Thursday, August 6, 2009

A Poorly Built House

It's all well and good to talk about having parents who didn't do well by me in a nutritional sense when I was a child, but I'm an adult now and responsible for my own choices, food purchases, preparation and eating habits. This is all true. Of course, it's not so simple. If things were as simple as fat bashers pretend they are, there wouldn't be an obesity problem

The problem for people who grew up as fat kids and are presently fat adults is that they can't simply put on the breaks of their lifestyle and biological condition up to this point and jam it into reverse. It's not only the psychological issues that are at play, but a lot of biological ones. Children who grow to adulthood overweight are essentially going to live their lives in a house with a poorly built foundation. No matter how many times they try to make improvements or patch things up, it'll never be as strong, resilient, or comfortable as a house which started out on a sound foundation.

For instance, the number of fat cells in your body cannot be changed once you reach a certain level of maturity. If you are thin upon maturing, you won't get more fat cells. If you're fat, you can't reduce the number unless you have surgery. The total number of fat cells affects how your body metabolizes and deals with food as well as affects hormone balances. Someone with more fat cells will have a propensity for storing fat more readily than someone with fewer. They also cannot change the disposition of their body's shape and size because the cells can only be shrunk or expanded, not eliminated (without lipsuction). This is why people have "problem areas" which they can exercise and exercise to improve but never get rid of. Those cells aren't going anywhere past a certain age.

What is more, estrogen, which is stored in fatty tissues has an effect on insulin and insulin resistance. More body fat will ultimately affect how you metabolize food and how fat is stored. Insulin resistance will ultimately affect appetite and how often you feel compelled to eat and what you want to eat.

I don't want to go into a bunch of biological mumbo jumbo as an "excuse" for fat people staying fat because I don't want to provide excuses. I want to talk about reasons. One of the reasons it's harder for a fat person to lose weight is that their body is different than a thin person's. They're fighting a much harder battle and that battle never ends because the "house" that their parents built for them isn't very sound and it's never going to be as sound as it could have been. Things that a thin person takes for granted, like the ability to resist an urge to eat a piece of cake, are a much harder task for a fat person. Imagine the difference between resisting an ice cold drink of water when you are parched and haven't had a drink for days as compared to doing so when you just have slightly dry mouth.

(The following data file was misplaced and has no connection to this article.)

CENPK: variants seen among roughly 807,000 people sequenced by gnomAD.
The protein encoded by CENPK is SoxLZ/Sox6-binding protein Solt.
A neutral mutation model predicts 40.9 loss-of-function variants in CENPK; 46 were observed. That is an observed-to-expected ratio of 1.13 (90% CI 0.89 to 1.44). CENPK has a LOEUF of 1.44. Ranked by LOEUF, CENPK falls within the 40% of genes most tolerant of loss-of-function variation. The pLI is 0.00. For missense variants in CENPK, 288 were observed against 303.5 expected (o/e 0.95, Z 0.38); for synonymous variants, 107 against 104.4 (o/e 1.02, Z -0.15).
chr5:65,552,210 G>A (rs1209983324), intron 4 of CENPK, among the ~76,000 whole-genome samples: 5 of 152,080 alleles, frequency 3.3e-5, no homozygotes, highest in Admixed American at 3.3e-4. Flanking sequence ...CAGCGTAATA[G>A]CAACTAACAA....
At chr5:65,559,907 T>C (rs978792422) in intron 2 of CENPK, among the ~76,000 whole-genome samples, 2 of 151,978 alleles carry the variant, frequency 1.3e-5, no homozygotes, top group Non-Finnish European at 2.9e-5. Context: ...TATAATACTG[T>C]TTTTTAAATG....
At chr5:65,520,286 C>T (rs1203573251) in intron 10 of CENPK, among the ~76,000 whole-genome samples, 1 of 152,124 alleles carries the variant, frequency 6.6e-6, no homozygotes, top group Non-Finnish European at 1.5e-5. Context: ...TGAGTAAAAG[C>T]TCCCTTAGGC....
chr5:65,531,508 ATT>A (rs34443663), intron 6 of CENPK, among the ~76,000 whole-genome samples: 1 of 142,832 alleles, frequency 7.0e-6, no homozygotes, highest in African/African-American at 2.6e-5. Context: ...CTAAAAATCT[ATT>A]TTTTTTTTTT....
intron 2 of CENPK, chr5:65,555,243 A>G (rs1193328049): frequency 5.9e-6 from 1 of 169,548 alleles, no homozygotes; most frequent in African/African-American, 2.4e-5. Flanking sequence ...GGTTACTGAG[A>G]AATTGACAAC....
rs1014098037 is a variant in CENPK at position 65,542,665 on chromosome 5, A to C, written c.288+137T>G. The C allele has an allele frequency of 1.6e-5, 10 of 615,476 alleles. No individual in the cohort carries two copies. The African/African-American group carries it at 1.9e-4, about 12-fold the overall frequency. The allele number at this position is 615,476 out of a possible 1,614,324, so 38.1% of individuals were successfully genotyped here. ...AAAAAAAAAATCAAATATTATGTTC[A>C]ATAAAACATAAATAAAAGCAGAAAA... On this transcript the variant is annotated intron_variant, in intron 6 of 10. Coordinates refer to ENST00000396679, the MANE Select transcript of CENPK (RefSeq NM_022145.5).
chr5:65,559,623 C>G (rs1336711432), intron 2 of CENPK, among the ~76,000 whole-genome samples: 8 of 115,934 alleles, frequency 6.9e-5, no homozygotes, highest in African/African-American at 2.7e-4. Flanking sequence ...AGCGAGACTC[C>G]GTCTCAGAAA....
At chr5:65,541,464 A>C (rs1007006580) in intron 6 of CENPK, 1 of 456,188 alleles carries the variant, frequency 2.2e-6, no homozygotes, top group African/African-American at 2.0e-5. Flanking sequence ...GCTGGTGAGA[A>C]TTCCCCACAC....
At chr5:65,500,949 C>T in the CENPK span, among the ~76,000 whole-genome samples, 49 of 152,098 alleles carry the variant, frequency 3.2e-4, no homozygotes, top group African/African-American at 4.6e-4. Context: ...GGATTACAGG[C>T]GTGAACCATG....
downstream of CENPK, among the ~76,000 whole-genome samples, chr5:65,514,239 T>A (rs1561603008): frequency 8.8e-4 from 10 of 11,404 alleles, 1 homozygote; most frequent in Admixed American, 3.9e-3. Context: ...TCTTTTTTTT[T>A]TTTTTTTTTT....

A fat person's body is always saying, "I'm parched", even when they're not. It is very hard not to give into the biological and psychological pressure to eat when that pressure is intense. Unless you grew up fat and are a fat adult, it's difficult to know just how tough it is to resist at times. Thin people aren't judging "willpower" from the same vantage point as a fat person. We've got a megaphone screaming "eat" at us and thin people just have a nagging whisper. One is a lot harder to brush aside than the other.

That isn't to say that megaphone can't be ignored, and one can condition oneself to do it (and it gets easier the more you do it), but just judging fat people and offering pat advice without considering the complexity of the problem is ignorant and pointless. Unless an enlightened attitude toward the problem starts to spread, it'll never get better. The solutions for a thin person who gains weight won't necessarily work for people with a lifetime of weight problems.